The road to Mon

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    After I'd visited the Hornbill Festival I decided to travel further East into Konyak country.

    Mon district was never ruled by the British and there was no civil administration till 1948.
    The infrastructure is appalling and it took me about 5 hrs to go about 60km by jeep.
    So to stop along the way, buy and eat some freshly plucked oranges whilst interacting with nice local people is a Godsend.

    The local people practice Jhum cultivation:
    Jhum cultivation is most practiced on the slopes of hills in thickly forested landscapes. The cultivators cut the treetops to allow sunlight to reach the land. They burn all the trees and grasses for clean and fresh soil. It is believed that this helps to fertilize the land, but can leave it vulnerable to erosion. As I travelled further East and further into tribal areas, jhum cultivation became more apparent and there were vast swathes of land devastated and won't recover for years. I'm no agriculturalist and I have no idea if it's right or wrong. I just hope the land does recover.

    Like a lot of shots in this series, please have a view in lightroom

    Wild Kindness, Leon Moss, and 4 other people added this photo to their favorites.

    1. ColetteSimonds 68 months ago | reply

      Incredibly beautiful shot Rob, and interesting write up. In general slash and burn is bad in the long term and has been abandonned in many places. Soil nutrients and minerals get washed out and erosion takes place. In many places they are trying to plant fast growing tree species to recover some soil and for protection. But if those places are left alone, the soil will laterize and nothing will grow in the long run. It's particularly bad in an area like this with a strong monsoon. I saw entire areas devastated as a result of this practice.

    2. rob of rochdale 68 months ago | reply

      ColetteSimonds Thanks Colette. I was pretty sure slash and burn was bad for the area but I really am no expert. Many thanks for your input.

    3. bug eye :) Thailand 68 months ago | reply

      So beautiful of street shot ~ EXCELLENT Capture !

    4. Gingerboar 68 months ago | reply

      Slash and burn. You can get cream or tablets for that :)
      Keep posting Rob I'm enjoying your travels.

    5. Leon Moss 68 months ago | reply

      stunning image, such a lovely moment. love it!

    6. rob of rochdale 68 months ago | reply

      Apisit Wilaijit Many thanks

      mitch Hahaha, trust you! Thanks Mitch, you'd have enjoyed it in NE India.

      Leon Moss Cheers Leon, she was delighted that we bought 20 oranges from her

    7. FreddieBernard 68 months ago | reply

      What a sweet and you got a nice smile back from the lady! The scenery is absolutely gorgeous!!!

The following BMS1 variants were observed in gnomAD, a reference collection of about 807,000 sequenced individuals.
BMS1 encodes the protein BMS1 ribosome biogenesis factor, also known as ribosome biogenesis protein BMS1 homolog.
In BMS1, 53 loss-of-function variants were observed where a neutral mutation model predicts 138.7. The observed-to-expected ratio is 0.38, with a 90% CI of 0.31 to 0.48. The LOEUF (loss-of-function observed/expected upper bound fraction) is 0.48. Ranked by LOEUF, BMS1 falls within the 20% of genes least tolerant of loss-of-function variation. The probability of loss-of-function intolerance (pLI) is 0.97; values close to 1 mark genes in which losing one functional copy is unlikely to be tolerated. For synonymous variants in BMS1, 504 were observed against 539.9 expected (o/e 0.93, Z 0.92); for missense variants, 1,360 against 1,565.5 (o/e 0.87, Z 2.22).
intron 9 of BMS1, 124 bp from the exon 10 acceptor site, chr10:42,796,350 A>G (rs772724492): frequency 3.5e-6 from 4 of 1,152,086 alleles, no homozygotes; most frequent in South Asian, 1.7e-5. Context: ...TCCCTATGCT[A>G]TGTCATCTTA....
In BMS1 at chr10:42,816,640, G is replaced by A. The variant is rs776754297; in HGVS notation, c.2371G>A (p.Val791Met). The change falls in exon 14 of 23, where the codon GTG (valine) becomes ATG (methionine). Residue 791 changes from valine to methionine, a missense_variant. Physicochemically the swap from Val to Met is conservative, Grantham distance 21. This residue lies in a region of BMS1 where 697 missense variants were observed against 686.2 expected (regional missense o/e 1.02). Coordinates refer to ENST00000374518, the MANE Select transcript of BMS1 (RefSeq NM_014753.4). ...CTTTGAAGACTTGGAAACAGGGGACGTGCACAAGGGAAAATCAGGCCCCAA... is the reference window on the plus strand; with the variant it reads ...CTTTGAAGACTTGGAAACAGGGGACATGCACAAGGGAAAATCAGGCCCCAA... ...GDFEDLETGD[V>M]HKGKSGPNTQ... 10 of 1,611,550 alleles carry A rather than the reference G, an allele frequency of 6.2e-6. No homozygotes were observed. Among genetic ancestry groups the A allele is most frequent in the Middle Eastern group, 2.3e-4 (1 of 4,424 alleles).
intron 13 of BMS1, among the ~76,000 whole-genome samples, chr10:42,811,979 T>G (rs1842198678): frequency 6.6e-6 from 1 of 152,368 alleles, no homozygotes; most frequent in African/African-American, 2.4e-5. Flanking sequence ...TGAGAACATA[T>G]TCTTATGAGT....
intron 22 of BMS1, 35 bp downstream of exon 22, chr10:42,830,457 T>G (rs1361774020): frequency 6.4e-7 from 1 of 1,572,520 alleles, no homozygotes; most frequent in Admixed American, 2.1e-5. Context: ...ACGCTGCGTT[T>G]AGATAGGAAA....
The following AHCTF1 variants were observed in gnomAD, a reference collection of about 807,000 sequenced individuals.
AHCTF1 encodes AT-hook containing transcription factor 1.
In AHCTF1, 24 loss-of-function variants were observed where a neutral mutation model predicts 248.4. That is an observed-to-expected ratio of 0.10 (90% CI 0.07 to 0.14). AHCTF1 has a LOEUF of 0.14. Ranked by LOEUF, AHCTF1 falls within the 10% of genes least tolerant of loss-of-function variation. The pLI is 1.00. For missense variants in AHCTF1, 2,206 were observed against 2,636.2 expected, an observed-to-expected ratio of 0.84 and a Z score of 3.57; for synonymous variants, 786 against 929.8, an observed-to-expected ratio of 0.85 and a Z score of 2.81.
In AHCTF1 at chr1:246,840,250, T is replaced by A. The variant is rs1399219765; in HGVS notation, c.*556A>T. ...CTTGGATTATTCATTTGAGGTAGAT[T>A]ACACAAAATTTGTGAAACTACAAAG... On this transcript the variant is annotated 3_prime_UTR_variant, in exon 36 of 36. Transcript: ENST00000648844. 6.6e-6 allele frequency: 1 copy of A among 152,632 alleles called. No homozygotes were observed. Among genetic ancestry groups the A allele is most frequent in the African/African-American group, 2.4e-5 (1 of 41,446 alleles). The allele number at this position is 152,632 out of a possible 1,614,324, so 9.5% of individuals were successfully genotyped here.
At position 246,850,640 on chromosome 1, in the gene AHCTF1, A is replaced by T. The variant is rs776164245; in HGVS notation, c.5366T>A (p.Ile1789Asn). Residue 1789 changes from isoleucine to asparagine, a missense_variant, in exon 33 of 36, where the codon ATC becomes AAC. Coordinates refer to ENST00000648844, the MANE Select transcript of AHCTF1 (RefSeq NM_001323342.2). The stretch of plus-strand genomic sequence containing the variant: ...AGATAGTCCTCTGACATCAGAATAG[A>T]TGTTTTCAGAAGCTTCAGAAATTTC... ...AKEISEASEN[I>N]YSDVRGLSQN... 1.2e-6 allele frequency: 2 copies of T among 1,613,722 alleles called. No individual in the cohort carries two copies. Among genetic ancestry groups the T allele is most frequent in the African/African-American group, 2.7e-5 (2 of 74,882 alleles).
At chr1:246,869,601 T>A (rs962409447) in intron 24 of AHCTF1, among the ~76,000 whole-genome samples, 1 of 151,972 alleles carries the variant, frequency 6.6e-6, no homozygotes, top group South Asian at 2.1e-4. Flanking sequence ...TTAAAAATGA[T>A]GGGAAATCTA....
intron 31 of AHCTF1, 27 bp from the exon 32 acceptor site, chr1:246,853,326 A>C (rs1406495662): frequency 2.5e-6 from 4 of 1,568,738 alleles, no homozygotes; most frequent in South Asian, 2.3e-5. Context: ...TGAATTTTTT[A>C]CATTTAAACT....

8. Mr sAg 68 months ago | reply

      I remember reading about desertification brought on by slash and burn in my school years but seeing your pictures and the apparent remoteness of some of these tribes and villages makes me realise that, in a lot of places where it is practiced, the people probably don't know any better. The practice has probably served them well through their culture's history as far as need and necessity are concerned. They appear to be so far removed from the modern world and all its advancements in research and science...
      ...I don't know where I'm heading with my ramble and they are only thoughts so i'll stop.
      This is a beautiful photo, Rob, set with such a wonderful backdrop. They both look so happy, probably more so that you bought so many oranges from her. Splendid work!

    9. rob of rochdale 68 months ago | reply

      MONA سبحان الله وبحمده Thanks Mona, it's a beautiful place

      Frédérique Bernard Cheers Freddie. I think she was delighted to be earning some cash for a change. I can't see an awful lot of people driving past her in a day. The scenery is gorgeous you're right. Which makes it even more upsetting when you see great swathes of land reduced to waste after jhum cultivation.

    10. rob of rochdale 68 months ago | reply

      Mr sAg Cheers Simon. I think to a certain degree you are right. There are campaigns in place to educate the tribal people about the negative aspects of jhum cultivation but, as you say, it's served them well for many years. Bottom line is, they really don't want to be part of India, they certainly don't want to be part of China or Myanmar, they just want to be left alone but in an increasingly small world, is this possible?

      Hey, look who's rambling now?? :)

    11. FreddieBernard 68 months ago | reply

      rob The best way to prevent top soil erosion by the rain is to wall layer a hill with large rocks (in terraces), as well as crop rotation and a lot of organic matter.
      By the way, I forgot to say that I like the way the hills become blue in the distance... It gives depth to the image.

    12. [deleted] 68 months ago | reply

      A really well composed photo in its own right, but your notes add so much. No Hard Rock cafe T-shirts, 5 star hotels or Thomas Cook tour guides for you! A proper, seasoned traveller. Take my hat off to you mate.

    13. rob of rochdale 68 months ago | reply Ha, cheers Mate. I do like getting off the beaten track. Unfortunately that means putting up with a few privations; no internet, total power cuts, very basic accommodation, no water... the list goes on.

      I do like a challenge! :)

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